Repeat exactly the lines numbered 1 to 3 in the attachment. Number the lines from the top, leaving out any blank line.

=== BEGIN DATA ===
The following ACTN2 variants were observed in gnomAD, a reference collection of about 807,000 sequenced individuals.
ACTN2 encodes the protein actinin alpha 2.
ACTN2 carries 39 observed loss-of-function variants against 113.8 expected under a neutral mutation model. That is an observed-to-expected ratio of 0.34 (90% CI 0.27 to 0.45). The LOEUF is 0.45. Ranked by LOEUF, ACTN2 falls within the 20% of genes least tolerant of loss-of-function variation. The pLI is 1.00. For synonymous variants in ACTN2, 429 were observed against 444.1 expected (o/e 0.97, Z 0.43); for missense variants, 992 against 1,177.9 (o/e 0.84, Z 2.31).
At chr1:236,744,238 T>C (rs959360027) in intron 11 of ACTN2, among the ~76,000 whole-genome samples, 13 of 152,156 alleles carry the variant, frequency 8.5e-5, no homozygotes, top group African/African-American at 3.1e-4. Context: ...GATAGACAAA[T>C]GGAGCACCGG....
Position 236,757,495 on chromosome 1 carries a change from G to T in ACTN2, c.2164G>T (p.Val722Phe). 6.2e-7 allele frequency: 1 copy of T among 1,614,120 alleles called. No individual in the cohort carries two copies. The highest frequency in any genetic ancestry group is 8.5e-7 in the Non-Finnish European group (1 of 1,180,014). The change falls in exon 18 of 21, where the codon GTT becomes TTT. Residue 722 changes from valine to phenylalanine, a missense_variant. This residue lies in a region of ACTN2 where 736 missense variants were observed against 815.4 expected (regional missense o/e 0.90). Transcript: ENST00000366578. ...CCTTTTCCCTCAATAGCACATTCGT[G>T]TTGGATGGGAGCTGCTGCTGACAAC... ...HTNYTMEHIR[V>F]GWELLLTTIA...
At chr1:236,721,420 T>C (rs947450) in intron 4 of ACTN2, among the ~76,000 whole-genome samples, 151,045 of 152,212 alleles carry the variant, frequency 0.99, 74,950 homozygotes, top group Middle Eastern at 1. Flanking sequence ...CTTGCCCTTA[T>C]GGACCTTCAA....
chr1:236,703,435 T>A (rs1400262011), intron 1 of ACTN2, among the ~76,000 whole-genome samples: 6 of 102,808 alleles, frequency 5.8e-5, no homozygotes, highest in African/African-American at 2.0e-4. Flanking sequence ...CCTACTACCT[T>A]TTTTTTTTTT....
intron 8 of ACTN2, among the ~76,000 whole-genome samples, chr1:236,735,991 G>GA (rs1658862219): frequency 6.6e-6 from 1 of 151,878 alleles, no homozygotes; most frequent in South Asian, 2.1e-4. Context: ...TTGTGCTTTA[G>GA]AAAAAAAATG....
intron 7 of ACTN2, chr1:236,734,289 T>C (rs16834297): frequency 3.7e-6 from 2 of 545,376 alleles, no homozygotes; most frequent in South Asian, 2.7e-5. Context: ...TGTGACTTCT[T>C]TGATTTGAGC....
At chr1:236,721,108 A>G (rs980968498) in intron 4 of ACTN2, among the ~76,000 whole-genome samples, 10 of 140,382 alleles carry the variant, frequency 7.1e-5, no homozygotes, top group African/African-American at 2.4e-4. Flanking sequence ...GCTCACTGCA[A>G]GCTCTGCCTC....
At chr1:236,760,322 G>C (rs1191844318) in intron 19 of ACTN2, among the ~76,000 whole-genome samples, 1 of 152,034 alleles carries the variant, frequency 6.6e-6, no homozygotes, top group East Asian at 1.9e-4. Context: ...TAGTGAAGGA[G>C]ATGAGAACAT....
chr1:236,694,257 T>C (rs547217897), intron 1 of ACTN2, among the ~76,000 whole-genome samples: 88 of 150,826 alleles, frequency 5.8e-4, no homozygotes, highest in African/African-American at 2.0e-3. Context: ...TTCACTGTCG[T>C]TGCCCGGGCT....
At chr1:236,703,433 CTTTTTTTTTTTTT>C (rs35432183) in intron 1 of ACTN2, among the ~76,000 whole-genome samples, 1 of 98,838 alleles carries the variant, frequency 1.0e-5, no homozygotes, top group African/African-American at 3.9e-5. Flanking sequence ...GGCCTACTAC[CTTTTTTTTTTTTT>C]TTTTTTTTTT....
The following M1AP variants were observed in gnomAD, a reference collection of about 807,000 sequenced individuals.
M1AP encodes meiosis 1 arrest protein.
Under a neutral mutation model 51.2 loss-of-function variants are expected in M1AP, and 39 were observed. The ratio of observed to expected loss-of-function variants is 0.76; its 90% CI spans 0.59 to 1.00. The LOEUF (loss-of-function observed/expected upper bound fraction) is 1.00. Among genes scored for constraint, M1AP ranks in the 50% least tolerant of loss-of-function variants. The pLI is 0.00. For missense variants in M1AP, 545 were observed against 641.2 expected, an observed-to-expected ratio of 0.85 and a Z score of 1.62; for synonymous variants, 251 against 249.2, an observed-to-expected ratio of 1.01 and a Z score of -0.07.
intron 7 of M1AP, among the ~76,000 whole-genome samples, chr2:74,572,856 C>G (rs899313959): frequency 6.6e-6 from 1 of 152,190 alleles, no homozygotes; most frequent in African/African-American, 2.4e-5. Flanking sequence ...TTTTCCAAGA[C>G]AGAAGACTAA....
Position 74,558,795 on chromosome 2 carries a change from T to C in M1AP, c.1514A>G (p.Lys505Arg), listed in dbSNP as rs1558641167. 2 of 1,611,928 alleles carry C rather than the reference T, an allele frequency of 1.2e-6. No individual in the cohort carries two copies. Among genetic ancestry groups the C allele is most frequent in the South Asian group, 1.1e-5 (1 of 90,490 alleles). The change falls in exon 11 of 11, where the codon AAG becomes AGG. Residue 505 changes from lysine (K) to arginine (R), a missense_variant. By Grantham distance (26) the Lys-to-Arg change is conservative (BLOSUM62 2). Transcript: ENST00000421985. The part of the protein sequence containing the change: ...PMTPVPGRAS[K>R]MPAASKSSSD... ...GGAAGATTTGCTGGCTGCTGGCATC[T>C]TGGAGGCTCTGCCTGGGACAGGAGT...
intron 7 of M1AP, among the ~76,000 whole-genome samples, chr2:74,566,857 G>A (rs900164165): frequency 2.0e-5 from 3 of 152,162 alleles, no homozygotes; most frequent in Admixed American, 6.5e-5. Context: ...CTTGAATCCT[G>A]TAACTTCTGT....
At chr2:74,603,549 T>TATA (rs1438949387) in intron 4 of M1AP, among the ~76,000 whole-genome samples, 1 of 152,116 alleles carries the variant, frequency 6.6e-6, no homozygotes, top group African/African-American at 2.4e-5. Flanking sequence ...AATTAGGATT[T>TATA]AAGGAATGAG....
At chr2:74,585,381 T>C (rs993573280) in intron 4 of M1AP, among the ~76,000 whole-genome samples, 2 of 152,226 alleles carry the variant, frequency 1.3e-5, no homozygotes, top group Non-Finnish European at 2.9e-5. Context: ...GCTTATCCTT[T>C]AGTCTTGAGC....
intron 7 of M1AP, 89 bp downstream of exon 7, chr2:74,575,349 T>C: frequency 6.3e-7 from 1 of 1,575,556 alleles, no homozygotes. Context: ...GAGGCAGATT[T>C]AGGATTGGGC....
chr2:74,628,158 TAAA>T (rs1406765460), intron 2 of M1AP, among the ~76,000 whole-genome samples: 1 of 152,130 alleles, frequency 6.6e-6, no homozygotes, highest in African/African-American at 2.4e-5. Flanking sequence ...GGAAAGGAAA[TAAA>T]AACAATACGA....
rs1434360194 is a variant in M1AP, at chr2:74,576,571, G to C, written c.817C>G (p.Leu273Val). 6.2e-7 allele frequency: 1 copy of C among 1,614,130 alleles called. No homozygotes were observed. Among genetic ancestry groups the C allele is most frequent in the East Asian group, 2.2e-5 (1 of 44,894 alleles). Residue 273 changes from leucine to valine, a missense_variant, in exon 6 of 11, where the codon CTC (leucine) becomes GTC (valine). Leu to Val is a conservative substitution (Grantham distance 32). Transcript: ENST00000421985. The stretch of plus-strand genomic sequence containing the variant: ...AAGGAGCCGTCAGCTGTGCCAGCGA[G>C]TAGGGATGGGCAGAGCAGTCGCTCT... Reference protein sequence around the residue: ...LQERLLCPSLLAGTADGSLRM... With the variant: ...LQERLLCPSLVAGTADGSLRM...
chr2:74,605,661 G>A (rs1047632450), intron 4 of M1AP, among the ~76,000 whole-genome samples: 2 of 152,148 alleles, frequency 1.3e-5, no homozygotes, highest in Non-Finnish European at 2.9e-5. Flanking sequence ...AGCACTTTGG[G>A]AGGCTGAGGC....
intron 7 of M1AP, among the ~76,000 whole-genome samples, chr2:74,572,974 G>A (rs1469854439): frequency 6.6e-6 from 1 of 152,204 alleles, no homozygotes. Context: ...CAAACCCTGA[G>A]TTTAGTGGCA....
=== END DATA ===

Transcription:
The following ACTN2 variants were observed in gnomAD, a reference collection of about 807,000 sequenced individuals.
ACTN2 encodes the protein actinin alpha 2.
ACTN2 carries 39 observed loss-of-function variants against 113.8 expected under a neutral mutation model. That is an observed-to-expected ratio of 0.34 (90% CI 0.27 to 0.45). The LOEUF is 0.45. Ranked by LOEUF, ACTN2 falls within the 20% of genes least tolerant of loss-of-function variation. The pLI is 1.00. For synonymous variants in ACTN2, 429 were observed against 444.1 expected (o/e 0.97, Z 0.43); for missense variants, 992 against 1,177.9 (o/e 0.84, Z 2.31).